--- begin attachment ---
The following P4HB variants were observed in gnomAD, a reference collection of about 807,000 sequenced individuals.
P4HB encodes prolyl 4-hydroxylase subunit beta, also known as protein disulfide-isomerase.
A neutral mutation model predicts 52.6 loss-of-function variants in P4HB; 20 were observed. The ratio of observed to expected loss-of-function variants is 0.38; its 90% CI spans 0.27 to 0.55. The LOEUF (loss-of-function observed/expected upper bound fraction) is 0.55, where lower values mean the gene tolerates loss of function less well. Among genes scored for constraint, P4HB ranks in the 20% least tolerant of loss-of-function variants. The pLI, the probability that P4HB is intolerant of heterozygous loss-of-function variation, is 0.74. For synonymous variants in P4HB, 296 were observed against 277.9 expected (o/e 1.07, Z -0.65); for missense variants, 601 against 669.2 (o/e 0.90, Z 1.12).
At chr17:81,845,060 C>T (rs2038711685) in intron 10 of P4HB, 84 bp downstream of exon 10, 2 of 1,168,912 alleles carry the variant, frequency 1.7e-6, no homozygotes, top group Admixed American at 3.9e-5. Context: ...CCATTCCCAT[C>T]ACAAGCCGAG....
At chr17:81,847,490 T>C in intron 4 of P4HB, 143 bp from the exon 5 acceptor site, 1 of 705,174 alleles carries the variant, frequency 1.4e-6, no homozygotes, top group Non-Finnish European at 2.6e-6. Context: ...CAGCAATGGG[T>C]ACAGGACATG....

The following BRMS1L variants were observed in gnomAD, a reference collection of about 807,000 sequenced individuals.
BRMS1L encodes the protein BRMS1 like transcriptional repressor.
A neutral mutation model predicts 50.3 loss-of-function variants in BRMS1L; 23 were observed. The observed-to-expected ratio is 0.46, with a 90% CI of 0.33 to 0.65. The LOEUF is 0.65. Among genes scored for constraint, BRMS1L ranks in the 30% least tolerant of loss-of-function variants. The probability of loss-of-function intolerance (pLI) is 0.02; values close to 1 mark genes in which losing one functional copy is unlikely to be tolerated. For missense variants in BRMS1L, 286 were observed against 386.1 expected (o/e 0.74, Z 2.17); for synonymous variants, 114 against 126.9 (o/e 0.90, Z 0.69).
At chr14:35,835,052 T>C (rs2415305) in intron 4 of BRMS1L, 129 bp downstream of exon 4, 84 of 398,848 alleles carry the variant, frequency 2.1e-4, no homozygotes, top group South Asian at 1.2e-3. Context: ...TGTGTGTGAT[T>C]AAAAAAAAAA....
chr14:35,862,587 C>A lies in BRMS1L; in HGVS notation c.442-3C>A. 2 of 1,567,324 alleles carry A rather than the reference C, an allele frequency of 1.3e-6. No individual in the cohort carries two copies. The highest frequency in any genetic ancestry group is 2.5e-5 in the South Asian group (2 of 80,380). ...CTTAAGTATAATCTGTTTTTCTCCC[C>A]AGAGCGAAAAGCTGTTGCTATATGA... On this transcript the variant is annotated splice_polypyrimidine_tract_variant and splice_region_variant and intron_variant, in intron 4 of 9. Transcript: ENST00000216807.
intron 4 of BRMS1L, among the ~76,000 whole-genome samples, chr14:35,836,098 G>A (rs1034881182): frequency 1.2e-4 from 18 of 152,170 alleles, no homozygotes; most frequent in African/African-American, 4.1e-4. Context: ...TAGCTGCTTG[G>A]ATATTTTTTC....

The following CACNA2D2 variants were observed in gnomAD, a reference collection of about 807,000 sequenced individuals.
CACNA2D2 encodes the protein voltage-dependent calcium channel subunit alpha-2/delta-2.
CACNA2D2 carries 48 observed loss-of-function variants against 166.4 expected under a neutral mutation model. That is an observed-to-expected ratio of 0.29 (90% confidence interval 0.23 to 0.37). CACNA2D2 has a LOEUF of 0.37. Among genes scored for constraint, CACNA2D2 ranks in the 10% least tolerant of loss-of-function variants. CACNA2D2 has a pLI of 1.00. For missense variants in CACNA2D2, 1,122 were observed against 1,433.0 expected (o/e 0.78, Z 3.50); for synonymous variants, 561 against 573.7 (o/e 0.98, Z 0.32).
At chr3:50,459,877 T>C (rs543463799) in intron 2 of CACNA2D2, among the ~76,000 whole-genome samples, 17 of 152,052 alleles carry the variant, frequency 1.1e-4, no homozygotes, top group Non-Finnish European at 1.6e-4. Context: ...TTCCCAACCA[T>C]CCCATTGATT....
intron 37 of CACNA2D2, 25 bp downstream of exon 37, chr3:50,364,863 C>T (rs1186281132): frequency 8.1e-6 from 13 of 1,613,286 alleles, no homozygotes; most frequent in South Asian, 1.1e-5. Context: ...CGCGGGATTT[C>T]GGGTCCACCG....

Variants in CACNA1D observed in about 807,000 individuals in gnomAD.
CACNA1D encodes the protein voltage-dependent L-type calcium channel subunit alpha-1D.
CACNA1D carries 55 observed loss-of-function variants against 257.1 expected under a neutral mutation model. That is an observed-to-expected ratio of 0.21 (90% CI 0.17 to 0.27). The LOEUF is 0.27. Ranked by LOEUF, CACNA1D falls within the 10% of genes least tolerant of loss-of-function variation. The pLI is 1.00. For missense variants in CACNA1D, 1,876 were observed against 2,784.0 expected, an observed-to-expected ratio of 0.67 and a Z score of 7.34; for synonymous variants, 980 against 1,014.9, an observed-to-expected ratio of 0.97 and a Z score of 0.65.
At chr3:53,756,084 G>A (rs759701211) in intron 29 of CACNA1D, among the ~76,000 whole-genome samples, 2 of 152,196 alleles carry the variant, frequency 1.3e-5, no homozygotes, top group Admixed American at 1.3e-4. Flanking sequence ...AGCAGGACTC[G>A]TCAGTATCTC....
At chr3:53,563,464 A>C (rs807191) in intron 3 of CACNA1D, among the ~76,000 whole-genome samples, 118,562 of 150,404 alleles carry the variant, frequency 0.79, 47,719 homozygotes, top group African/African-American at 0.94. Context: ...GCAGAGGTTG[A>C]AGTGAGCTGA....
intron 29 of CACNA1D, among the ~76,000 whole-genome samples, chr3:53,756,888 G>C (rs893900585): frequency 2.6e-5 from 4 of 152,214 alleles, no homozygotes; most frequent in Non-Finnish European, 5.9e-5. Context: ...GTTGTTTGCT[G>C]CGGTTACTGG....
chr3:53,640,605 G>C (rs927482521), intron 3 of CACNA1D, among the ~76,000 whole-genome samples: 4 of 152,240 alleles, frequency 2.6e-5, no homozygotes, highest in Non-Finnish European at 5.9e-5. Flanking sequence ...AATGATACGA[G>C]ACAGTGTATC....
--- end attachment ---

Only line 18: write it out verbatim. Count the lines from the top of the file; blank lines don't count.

CACNA1D encodes the protein voltage-dependent L-type calcium channel subunit alpha-1D.